The base of the CPU contact is neither flat nor particularly shiny. This is not good, as normally, the flatter the heat-sink’s base, the better the thermal dissipation.
The fan attached to the HOC-9000 is one of Nexus’ world-renowned PWM controlled silent fans. These fans are incredibly quiet and boast good airflow. In the centre of the fan there is a spiral design of black and white, within this is the manufacturers name “Nexus”. This makes the fan and the heat-sink look pretty stylish when the fan is spinning and when at idle.
The heatpipes have a kind of rough finish to them, which is smooth but looks a bit messy.
To install the HOC-9000, I simply cleaned the thermal paste from the CPU and applied the supplied thermal paste.
As always, at Tech-Reviews we like to be able to install our CPU coolers quickly and easily. That said, I should highlight that I was incapable of doing this for several reasons: the HOC-9000 is very wide due to the airflow focusers protruding from the sides of the cooler, the mounting clip isn’t very pliable and doesn’t bend as I would like – so I had to use brute force to get it into place, the Nexus has many mounting angles but for it to be used in any of them the mounting clip has to be positioned perfectly between the space that is created by the heat pipes.
That said; I did eventually manage to mount it.
|Processor||Athlon 64×2 4200+|
|Memory||OCZ Spec OPS 2gb (2×1gb)|
|Hard Disk Drive||80gb Hitachi SATA|
|Graphics Card||ATI HD 2400pro OC|
To test CPU Coolers we simply boot the PC up into Windows Vista and measure temperatures under idle and load states. The temperature is recorded from the CPU’s own diode using SpeedFan.
For idle testing, we leave the PC doing nothing for half an hour, take 3 temperature readings and then use the average score from these as the result. When testing at load temperatures, we use a similar method but load both cores of the CPU right to 100%.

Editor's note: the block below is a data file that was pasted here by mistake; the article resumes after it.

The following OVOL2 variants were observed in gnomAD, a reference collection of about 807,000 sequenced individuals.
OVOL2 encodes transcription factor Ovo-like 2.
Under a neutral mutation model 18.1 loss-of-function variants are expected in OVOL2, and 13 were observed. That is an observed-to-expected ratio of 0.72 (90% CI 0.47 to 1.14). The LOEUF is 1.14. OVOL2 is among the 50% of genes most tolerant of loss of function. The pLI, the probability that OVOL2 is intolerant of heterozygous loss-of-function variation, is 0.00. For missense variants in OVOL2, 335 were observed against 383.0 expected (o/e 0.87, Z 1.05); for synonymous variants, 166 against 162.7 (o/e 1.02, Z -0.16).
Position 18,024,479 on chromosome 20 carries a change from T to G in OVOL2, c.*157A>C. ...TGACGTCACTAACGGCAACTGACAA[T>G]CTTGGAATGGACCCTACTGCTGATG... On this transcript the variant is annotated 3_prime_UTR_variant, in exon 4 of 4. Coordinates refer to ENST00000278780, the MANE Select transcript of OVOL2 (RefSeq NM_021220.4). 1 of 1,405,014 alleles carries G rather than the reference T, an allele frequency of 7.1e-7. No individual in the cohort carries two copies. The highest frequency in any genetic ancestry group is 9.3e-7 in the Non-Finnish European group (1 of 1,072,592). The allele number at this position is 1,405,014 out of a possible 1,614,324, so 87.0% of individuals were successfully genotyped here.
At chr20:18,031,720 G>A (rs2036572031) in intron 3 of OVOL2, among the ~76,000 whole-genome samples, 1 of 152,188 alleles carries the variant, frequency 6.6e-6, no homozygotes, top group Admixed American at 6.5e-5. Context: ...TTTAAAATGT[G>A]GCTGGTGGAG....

All of the testing was carried out with the side panels on and with one top and one rear 120mm fan attached. Ambient temperatures were at 19 degrees Celsius. The processor was loaded using ‘CPU Burn-In’.
Results were taken while the CPU was at stock clocks. When at stock, the CPU was at 2.2GHz with a Vcore of 1.3v. SpeedFan was used to take all temperatures.
The Nexus HOC-9000 was compared to the stock AMD cooler and the Zerotherm Nirvana.
|Zerotherm Nirvana NV120||31||38|
|Stock AMD Cooler||39||52|
From these results we can see that the so-called silent CPU cooler offers pretty impressive performance keeping up with the performance Nirvana NV120 at idle states. However when at load states, the Nexus doesn’t perform as well but still gives a pretty good temperature compared to the stock cooler.
Despite the HOC-9000 being marketed as a “silent” cooler I would not rate it as such. I would however give it a rating of very quiet as the fan can still only just be heard.
A quick Google product search reveals that very few retailers are offering the HOC-9000 but of the few, the average price seems to be £35. I think this is a pretty fair price for a cooler with a very quiet fan, design tuning and which offers good performance.
Throughout the review, the Nexus HOC-9000 has been a solid performer and has operated very quietly. Therefore, I would definitely recommend it to anyone looking for a quieter cooler which also gives good performance.
Aside from the goodness, the installation and misunderstanding by Nexus marketing the cooler as silent has unfortunately dropped the score of the Nexus.
To conclude based on this conclusion, I’m going to award the Nexus HOC-900 4/5 as my thoughts are that the rock solid performance and noise level of the cooler outweighs the bad points that this cooler has.
- Very quiet
- Reasonable price
- Great Performance
- Infuriating installation
- Not “silent”